The field of the present invention relates generally to packages and methods for mounting semiconductor dies and more specifically to such packages including heat sinks and lead frames with one or more electrically isolated semiconductor dies.
Present packaging techniques for electrically isolating semiconductor dies from the package itself or other semiconductor dies included in the package is typically obtained via brazing or soldering ceramics, such as beryllium oxide, aluminum oxide, and so forth, first to predetermined locations on the surface of the main mounting pad of the associated package, and thereafter brazing or soldering the appropriate semiconductor dies to the soldering ceramics so deposited on the main mounting pad. Such an isolation method is expensive, due to the relatively high cost of ceramics, and the additional labor cost in first attaching the ceramics to the mounting pad, and thereafter the semiconductor dies to the ceramic so deposited.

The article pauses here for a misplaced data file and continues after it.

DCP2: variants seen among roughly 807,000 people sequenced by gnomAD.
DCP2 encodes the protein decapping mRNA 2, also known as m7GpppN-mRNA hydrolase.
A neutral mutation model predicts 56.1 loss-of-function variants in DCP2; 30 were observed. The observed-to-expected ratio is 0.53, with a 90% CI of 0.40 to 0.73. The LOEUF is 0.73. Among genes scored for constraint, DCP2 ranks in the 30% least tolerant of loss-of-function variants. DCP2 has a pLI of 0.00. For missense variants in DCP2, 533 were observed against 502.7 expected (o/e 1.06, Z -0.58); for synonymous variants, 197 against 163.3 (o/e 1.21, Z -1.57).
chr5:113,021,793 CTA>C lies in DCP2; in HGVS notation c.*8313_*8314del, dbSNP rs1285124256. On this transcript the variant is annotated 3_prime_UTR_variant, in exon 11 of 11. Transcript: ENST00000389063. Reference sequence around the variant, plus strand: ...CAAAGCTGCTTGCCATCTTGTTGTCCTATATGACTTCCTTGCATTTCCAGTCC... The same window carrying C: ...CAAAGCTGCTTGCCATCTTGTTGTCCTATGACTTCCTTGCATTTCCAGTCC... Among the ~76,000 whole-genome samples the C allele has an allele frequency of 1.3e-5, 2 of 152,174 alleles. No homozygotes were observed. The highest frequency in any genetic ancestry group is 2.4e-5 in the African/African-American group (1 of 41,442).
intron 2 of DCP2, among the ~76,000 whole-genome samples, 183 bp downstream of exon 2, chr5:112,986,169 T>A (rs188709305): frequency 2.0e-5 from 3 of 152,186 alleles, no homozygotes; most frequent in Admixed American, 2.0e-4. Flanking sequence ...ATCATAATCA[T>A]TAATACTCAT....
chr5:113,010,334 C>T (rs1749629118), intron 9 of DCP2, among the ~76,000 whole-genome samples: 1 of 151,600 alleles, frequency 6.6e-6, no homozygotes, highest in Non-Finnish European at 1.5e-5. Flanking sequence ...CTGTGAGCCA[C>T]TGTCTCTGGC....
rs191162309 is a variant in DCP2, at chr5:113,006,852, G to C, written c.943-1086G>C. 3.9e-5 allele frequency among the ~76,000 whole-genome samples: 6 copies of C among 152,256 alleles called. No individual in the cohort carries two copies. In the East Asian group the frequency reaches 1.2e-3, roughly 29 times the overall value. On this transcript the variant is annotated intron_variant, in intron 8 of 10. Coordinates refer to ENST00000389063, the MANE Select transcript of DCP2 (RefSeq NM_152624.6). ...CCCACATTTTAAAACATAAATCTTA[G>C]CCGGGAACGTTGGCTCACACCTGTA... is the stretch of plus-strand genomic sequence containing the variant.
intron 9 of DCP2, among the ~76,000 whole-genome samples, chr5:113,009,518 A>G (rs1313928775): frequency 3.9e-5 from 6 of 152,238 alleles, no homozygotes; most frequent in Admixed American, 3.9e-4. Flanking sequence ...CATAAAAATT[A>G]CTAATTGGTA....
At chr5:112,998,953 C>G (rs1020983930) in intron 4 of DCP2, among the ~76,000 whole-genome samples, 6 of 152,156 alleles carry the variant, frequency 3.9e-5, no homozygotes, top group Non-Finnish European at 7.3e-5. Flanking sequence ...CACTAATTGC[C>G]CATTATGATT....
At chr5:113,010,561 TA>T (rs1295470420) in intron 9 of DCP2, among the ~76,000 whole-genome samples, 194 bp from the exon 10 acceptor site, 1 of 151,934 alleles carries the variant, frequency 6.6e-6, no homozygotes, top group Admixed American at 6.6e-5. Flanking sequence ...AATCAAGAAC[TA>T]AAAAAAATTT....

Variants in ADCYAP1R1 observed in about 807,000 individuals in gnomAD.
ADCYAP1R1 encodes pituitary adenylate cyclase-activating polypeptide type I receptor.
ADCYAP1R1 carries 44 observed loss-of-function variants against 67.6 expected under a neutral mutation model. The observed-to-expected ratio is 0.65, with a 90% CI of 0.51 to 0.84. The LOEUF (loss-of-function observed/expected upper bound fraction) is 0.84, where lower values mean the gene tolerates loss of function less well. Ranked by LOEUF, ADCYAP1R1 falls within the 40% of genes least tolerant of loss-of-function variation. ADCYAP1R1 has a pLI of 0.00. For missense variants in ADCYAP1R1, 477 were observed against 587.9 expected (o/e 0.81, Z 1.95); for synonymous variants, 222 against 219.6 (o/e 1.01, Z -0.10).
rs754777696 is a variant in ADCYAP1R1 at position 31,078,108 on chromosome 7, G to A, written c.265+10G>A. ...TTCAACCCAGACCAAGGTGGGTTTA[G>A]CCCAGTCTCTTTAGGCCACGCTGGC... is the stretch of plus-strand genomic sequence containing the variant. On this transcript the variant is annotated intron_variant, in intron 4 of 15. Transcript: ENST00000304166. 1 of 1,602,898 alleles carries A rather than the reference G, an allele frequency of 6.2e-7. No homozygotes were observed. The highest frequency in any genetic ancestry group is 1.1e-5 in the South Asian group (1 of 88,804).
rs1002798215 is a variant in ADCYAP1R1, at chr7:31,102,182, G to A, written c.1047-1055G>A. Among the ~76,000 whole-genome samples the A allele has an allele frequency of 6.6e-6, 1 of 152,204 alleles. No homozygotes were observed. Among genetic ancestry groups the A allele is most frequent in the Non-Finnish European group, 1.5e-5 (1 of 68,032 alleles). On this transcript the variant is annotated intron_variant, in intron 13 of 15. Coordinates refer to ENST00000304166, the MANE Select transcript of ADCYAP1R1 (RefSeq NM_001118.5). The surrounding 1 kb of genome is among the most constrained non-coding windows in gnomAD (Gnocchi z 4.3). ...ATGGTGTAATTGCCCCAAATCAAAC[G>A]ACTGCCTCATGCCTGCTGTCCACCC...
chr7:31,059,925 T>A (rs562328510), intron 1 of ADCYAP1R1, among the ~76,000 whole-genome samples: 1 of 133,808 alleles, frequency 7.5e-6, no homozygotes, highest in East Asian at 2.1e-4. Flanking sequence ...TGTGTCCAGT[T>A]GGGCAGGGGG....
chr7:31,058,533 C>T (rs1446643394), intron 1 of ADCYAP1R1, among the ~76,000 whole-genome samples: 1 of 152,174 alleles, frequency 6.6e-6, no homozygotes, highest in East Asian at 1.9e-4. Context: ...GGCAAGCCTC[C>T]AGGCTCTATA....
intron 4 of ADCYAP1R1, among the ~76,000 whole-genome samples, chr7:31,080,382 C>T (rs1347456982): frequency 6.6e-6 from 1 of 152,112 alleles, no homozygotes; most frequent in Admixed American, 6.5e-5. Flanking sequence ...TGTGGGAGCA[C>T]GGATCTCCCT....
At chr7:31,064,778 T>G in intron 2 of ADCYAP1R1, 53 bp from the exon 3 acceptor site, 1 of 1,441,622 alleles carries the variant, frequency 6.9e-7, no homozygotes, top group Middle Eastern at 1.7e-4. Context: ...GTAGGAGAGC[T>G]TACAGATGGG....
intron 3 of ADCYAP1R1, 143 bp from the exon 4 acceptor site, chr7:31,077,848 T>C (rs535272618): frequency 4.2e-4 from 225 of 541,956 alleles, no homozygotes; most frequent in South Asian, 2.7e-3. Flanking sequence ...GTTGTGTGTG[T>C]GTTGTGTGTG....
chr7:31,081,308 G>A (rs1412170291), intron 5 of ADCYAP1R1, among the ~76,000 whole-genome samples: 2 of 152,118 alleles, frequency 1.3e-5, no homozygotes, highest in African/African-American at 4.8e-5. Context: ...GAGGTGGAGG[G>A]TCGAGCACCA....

There are many different packaging configurations and methods for mounting semiconductor devices, such as integrated circuits and/or semiconductor dies. Eight of these prior methods and mounting assemblies for packaging semiconductor dies are discussed in the following paragraphs.